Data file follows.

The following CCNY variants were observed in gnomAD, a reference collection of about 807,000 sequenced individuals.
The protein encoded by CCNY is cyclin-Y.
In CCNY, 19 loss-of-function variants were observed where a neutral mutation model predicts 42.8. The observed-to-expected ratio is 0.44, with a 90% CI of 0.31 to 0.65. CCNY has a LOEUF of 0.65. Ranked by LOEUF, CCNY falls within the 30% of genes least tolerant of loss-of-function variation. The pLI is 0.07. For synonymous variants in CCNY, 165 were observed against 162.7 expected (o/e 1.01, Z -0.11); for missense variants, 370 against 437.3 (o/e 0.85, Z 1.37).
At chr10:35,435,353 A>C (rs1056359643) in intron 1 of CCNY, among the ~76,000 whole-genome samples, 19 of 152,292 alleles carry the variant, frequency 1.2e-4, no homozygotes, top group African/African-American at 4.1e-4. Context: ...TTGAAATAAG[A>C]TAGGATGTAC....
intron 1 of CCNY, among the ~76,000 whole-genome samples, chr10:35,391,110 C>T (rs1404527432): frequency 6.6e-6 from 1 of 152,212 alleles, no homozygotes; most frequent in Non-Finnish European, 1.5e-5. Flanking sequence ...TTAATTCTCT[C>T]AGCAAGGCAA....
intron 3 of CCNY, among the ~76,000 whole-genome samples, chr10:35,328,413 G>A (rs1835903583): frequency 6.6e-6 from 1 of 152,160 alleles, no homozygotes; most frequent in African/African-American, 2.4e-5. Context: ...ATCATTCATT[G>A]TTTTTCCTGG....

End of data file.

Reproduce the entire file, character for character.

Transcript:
The following CCNY variants were observed in gnomAD, a reference collection of about 807,000 sequenced individuals.
The protein encoded by CCNY is cyclin-Y.
In CCNY, 19 loss-of-function variants were observed where a neutral mutation model predicts 42.8. The observed-to-expected ratio is 0.44, with a 90% CI of 0.31 to 0.65. CCNY has a LOEUF of 0.65. Ranked by LOEUF, CCNY falls within the 30% of genes least tolerant of loss-of-function variation. The pLI is 0.07. For synonymous variants in CCNY, 165 were observed against 162.7 expected (o/e 1.01, Z -0.11); for missense variants, 370 against 437.3 (o/e 0.85, Z 1.37).
At chr10:35,435,353 A>C (rs1056359643) in intron 1 of CCNY, among the ~76,000 whole-genome samples, 19 of 152,292 alleles carry the variant, frequency 1.2e-4, no homozygotes, top group African/African-American at 4.1e-4. Context: ...TTGAAATAAG[A>C]TAGGATGTAC....
intron 1 of CCNY, among the ~76,000 whole-genome samples, chr10:35,391,110 C>T (rs1404527432): frequency 6.6e-6 from 1 of 152,212 alleles, no homozygotes; most frequent in Non-Finnish European, 1.5e-5. Flanking sequence ...TTAATTCTCT[C>T]AGCAAGGCAA....
intron 3 of CCNY, among the ~76,000 whole-genome samples, chr10:35,328,413 G>A (rs1835903583): frequency 6.6e-6 from 1 of 152,160 alleles, no homozygotes; most frequent in African/African-American, 2.4e-5. Context: ...ATCATTCATT[G>A]TTTTTCCTGG....